- Added by: Carl Fox, Contributed by:
Abstract: The article has two aims. First, to show that a version of luck egalitarianism that includes relational goods amongst its distribuenda can, as a matter of internal logic, account for one of the core beliefs of relational egalitarianism. Therefore, there will be important extensional overlap, at the level of domestic justice, between luck egalitarianism and relational egalitarianism. This is an important consideration in assessing the merits of and relationship between the two rival views. Second, to provide some support for including relational goods, including those advocated by relational egalitarianism, on the distribuenda of justice and therefore to put in a good word for the overall plausibility of this conception of justice. I show why relational egalitarians, too, have reason to sympathise with this proposal.
Comment: Interesting contribution to the literature on distributive justice. Argues that luck egalitarianism can incorporate a key concern of relational egalitarians, i.e. egalitarian political relationships, as a particular good to be distibuted, thus narrowing the distinction between the views and making it less significant. Would make good further reading for anyone working on the debate between luck and relational egalitarians.Export citation in BibTeX formatExport text citationView this text on PhilPapersExport citation in Reference Manager formatExport citation in EndNote formatExport citation in Zotero format
- Added by: Carl Fox, Contributed by:
Introduction: There was once a luck egalitarian school of thought, according to which disadvantage arising due to bad luck was unjust—at the bar of egalitarian justice—while disadvantage arising due to choice was just, at least if the choice was exercised against the background of equal options. “Choice” in this context needed to be “genuine choice”—which, for some, meant “voluntary,” and for others, also “freely willed”—but if it was genuine, then it did not matter whether it was a silly mistake or a considered course of action: if it led to disadvantage, its presence was deemed sufficient to justify leaving the agent to bear the disadvantage. Let’s call the view that choice leading to disadvantage is sufficient to justify the disadvantage, at least if choice was exercised against the background of equal options, the inflated view of choice. […] The inflated view was so crude that in the face of criticism pointing out its crudeness, its supporters have adopted more sophisticated views, and no recent luck egalitarian has defended the crude version. These more sophisticated views recognize that the mere fact that an outcome has been chosen does not make the outcome just—not even by the standards of egalitarian justice alone.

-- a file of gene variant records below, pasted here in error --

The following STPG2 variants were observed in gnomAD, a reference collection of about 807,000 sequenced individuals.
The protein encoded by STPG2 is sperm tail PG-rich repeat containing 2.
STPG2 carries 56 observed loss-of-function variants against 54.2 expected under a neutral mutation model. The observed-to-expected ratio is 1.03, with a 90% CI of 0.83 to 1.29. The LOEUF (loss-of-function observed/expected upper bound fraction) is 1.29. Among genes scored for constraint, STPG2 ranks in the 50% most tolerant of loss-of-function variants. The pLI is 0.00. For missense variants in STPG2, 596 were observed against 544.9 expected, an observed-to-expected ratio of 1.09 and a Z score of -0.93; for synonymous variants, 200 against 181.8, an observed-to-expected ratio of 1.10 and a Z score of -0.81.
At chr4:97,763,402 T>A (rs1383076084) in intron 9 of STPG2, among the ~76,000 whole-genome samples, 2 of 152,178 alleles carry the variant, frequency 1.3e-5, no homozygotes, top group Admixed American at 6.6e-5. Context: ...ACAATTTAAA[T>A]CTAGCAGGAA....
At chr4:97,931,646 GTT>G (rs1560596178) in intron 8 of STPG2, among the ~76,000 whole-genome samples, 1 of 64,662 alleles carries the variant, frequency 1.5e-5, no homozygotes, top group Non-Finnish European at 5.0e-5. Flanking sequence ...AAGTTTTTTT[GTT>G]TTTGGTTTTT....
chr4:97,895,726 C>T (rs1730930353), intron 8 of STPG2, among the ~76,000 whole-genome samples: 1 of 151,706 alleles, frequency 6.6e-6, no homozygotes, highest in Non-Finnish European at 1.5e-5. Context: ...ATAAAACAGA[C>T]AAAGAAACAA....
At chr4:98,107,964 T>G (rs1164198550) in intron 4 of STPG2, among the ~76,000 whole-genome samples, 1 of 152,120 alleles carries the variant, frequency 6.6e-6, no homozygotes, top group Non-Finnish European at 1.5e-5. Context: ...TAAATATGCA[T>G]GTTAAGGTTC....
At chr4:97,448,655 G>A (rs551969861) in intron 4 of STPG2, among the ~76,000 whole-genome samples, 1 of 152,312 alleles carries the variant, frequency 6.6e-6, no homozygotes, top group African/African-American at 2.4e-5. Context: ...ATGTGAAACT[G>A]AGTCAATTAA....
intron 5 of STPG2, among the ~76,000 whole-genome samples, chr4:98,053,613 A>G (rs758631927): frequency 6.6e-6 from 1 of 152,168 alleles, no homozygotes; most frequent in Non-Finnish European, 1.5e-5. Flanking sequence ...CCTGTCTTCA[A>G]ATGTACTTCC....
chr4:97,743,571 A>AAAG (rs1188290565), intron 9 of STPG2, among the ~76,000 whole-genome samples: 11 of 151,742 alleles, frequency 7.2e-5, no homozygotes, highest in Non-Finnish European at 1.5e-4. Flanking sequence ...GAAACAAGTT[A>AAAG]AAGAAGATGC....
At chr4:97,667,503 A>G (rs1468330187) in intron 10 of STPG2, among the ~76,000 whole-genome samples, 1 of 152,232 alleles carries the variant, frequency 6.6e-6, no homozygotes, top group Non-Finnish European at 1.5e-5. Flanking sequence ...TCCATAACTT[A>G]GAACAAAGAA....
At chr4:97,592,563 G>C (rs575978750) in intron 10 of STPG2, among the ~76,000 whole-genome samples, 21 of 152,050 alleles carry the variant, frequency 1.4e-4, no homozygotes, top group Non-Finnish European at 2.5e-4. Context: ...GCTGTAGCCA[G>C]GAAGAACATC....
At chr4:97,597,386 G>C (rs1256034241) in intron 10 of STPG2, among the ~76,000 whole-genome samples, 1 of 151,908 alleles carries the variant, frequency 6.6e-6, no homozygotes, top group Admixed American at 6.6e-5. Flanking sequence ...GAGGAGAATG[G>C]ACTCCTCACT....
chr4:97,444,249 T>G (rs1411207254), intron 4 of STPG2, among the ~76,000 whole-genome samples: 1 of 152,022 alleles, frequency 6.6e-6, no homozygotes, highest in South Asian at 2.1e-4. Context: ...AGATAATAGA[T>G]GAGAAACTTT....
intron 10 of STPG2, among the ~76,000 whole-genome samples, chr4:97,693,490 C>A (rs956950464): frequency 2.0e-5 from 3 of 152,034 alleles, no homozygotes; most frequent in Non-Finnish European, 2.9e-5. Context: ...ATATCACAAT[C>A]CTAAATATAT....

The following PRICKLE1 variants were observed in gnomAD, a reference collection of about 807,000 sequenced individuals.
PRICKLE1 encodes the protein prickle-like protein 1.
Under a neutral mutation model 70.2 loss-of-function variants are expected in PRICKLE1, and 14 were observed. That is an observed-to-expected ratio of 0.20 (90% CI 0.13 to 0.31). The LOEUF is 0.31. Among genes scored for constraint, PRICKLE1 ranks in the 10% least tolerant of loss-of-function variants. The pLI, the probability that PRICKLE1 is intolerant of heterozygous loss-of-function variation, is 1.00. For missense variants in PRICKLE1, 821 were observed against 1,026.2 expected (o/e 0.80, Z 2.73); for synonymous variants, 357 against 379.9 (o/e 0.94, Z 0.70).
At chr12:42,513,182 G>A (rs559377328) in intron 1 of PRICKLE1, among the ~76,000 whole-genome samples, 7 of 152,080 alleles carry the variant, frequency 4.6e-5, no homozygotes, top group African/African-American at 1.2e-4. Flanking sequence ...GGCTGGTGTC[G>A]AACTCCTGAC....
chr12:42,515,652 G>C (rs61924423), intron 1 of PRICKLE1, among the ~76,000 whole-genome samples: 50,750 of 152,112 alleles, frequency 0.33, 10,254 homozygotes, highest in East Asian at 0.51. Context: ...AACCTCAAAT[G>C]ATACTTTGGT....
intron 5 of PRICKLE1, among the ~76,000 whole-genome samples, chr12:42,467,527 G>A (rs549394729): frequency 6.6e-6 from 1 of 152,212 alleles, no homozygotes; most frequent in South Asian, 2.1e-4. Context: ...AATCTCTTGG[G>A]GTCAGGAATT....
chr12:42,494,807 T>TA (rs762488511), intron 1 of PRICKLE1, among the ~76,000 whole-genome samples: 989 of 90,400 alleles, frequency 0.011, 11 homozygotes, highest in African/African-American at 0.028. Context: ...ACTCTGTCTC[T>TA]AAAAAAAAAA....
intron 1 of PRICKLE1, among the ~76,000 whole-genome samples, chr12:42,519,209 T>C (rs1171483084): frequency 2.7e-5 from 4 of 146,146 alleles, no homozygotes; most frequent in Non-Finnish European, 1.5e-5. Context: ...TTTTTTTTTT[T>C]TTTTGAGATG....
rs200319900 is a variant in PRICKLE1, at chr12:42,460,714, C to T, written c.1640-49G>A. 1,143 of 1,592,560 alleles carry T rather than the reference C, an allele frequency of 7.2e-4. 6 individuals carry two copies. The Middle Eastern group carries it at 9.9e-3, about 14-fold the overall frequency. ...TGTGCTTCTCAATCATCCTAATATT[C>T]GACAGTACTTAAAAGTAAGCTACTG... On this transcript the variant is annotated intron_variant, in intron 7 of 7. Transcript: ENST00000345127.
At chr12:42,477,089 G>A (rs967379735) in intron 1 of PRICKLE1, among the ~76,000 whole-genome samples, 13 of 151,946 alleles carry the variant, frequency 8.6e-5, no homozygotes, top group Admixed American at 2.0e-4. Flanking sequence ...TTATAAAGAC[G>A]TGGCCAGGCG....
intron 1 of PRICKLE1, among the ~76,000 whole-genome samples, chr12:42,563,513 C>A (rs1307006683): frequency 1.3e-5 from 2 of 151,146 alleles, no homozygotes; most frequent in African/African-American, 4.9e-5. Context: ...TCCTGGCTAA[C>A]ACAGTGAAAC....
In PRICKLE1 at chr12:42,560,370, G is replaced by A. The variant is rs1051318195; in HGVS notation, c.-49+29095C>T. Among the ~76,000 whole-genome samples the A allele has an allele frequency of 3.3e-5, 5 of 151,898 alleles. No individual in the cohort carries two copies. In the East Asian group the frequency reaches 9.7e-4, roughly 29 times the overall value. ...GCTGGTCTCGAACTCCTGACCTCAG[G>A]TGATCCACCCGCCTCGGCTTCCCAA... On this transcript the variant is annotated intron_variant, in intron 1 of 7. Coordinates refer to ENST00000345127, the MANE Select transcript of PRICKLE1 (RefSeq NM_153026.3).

In what follows, I will argue that this dominant reading of early luck egalitarianism as committed to the inflated view is, at best, a one-sided interpretation of the iconic writings of the luck egalitarian literature advanced by its most famous proponents, namely Arneson, Cohen, and Dworkin. Their writings did not unambiguously point toward the inflated view; if the early texts were interpreted more charitably, we could have, perhaps, avoided associating luck egalitarianism with the inflated view, arriving immediately at the sophisticated versions of luck egalitarianism dominating the field today.
Comment: Defends luck egalitarianism in general, and the originators of the view in particular, from the common criticism that it is committed to the ‘inflated view of choice’ which generates unpalatable conclusions because it leaves people who have made choices to bear all the consequences of those choices. Would make good further reading for anyone working on this topic.Export citation in BibTeX formatExport text citationView this text on PhilPapersExport citation in Reference Manager formatExport citation in EndNote formatExport citation in Zotero format